Naturally such documents are commercially confidential and anyway it is almost certainly counter productive to try to bounce the OFT into a decision with a public campaign. But there could be another reason for the confidentiality and the resolute 'no comments' - the bleakness of the ITV case.
The two firms will plead such abject poverty that only permission to create ITV plc could possibly help. Luckily they will not have needed to rely heavily on the imagination. The facts, and the trends going forward, are grim enough.
The first thing to do, of course, it to argue about the definition of the market. TV advertising is much too narrow a concept and the fact that ITV holds more than 50% of it could create a misleading impression.
Let's look at the entire market for display advertising. That's much more promising. ITV has only between 15% and 17% of that market. How could anyone get hot under the collar about such a modest share.
But should the OFT insist on focusing on TV advertising, then all is not lost here either. It is a little unfortunate that despite everybody's best efforts the share of ITV advertising has remained stubbornly above the symbolically important 50% level. The OFT should not be misled by this unfortunate detail. The trend is very positive - all the way down.
And while it may just scrape in at 52% by the end of the year, there are real grounds for confidence that by next year it will be safely under 50%. Take away Ulster, Scottish and Channel and the job is already done.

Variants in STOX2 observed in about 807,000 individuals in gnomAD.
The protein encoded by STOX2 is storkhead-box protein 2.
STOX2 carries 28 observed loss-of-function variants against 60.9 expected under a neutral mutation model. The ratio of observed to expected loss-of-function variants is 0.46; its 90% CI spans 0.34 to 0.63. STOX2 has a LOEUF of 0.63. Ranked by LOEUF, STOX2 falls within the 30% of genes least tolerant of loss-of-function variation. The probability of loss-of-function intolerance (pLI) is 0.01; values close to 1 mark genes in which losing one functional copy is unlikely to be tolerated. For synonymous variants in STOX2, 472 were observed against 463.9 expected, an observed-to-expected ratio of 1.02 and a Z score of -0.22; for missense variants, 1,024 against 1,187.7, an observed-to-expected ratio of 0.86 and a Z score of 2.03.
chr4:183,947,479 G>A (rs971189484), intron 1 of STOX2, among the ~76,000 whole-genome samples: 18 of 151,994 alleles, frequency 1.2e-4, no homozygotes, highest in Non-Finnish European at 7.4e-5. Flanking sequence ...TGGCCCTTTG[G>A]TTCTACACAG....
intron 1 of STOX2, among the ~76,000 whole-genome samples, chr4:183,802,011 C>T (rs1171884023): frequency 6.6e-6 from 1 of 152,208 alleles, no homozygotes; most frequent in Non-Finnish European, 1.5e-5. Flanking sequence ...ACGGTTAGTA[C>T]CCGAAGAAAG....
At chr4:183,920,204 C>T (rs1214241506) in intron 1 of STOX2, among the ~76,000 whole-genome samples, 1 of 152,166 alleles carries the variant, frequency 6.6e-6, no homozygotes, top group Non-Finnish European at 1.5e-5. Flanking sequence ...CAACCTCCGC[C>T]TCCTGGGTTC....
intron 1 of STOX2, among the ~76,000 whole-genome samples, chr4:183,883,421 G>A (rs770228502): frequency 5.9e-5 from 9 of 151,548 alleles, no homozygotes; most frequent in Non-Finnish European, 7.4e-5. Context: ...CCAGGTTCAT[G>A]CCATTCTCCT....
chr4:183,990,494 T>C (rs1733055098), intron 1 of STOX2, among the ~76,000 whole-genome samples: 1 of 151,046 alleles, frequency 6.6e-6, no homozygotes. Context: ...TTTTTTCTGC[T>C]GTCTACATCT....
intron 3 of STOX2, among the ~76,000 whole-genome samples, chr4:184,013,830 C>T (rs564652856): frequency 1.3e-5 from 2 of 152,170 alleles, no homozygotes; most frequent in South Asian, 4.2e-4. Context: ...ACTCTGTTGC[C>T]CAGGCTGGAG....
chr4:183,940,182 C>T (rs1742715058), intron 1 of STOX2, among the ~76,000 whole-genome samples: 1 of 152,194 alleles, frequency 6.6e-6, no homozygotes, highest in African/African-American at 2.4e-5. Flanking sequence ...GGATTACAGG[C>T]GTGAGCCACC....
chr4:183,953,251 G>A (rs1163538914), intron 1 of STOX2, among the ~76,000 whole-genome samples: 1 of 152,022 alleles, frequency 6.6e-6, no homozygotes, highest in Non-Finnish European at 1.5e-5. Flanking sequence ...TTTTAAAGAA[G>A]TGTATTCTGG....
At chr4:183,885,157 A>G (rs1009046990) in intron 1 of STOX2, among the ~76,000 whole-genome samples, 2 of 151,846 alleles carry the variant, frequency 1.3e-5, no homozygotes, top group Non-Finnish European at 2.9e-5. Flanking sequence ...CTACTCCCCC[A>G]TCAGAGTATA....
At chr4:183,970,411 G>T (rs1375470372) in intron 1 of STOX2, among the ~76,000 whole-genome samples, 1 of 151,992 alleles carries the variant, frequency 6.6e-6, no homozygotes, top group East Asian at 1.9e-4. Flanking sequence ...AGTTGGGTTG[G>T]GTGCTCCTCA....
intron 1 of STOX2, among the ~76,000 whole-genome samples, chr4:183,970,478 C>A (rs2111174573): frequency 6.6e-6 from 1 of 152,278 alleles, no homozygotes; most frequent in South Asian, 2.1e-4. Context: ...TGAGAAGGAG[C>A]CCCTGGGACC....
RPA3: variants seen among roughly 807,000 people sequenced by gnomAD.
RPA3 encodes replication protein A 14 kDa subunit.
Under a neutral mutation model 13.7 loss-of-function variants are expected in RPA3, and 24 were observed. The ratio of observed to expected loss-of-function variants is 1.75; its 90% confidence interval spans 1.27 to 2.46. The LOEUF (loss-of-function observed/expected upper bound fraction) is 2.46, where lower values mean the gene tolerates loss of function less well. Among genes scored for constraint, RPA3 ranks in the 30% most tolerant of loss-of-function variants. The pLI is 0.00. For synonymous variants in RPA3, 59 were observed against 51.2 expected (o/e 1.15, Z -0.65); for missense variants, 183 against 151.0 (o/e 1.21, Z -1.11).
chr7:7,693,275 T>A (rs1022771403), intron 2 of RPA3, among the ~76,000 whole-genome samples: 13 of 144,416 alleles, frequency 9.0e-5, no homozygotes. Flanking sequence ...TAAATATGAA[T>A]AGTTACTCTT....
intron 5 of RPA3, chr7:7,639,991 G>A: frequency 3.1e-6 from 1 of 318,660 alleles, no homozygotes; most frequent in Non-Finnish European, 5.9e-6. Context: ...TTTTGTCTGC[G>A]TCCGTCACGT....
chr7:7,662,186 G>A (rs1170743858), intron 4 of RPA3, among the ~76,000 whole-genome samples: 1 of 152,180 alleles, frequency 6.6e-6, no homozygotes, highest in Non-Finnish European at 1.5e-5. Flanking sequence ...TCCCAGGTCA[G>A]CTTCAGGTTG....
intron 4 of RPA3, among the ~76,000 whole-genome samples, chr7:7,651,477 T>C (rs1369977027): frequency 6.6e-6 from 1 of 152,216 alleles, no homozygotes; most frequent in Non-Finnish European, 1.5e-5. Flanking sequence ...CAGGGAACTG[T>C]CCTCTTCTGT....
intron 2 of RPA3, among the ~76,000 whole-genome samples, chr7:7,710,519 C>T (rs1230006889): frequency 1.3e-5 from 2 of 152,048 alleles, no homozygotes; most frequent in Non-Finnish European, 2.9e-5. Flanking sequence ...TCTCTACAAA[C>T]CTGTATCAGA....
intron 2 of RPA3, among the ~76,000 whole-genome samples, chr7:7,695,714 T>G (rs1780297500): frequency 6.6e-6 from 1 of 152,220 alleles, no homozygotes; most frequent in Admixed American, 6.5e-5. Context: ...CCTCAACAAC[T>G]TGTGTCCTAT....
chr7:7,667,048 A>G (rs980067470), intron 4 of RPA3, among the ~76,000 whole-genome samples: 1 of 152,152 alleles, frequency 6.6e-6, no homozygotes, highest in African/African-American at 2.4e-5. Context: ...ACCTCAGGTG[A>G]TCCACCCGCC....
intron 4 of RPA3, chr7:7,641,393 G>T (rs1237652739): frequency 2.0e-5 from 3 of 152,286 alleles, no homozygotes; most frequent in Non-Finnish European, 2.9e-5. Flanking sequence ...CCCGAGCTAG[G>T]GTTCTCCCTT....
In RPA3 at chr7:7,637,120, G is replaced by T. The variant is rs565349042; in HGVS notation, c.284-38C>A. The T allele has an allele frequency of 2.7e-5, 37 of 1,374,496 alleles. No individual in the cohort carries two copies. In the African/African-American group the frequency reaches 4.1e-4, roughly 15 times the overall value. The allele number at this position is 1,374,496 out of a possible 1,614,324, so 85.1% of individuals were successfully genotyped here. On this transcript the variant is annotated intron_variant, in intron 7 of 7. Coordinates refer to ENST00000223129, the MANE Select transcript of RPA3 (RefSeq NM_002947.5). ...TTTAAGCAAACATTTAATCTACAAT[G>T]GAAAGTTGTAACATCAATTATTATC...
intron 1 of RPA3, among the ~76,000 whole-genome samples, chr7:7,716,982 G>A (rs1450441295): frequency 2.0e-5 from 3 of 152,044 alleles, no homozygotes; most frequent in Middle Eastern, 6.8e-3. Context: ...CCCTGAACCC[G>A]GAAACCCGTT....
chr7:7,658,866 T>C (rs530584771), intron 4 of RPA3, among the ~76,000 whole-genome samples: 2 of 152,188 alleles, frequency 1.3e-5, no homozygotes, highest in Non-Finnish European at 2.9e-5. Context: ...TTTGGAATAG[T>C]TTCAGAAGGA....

For good measure Michael Green and Charles Allen will also have been able to claim that the disgracefully competitive BBC will beat ITV in the overall share of viewing this year for the second year in succession.
For dramatic effect the usual caveats about winning in prime time will be quietly ignored.
If all of that is not pessimistic enough there's still the piece de resistance - commercial impacts. Apart from unfortunate minor blips in September and October, ITV can demonstrate the most horrible trends in commercial impacts across any demographic you care to mention.
Commercial impacts for 16- to 34-year-olds are particularly helpful for the merger case. Since 1996 the ITV share has dropped like a stone - down from 60.7% then to 36.9% now with a particularly remarkable 29% in July.
During that time, Channel 4 has gone from 20.7% of commercial impacts to 17.9% in October. Channel 5 has gone from 4.6% in 1997 to 9.5% now with the cable and satellite share going from 14.9% to 32.9%.
You would think that would be enough gloom for the OFT, but that is unlikely to be the case. Despite their best efforts to talk down their prospects, Carlton and Granada will almost certainly have to be gloomy again next year at the Competition Commission. Happily by then things should be even worse.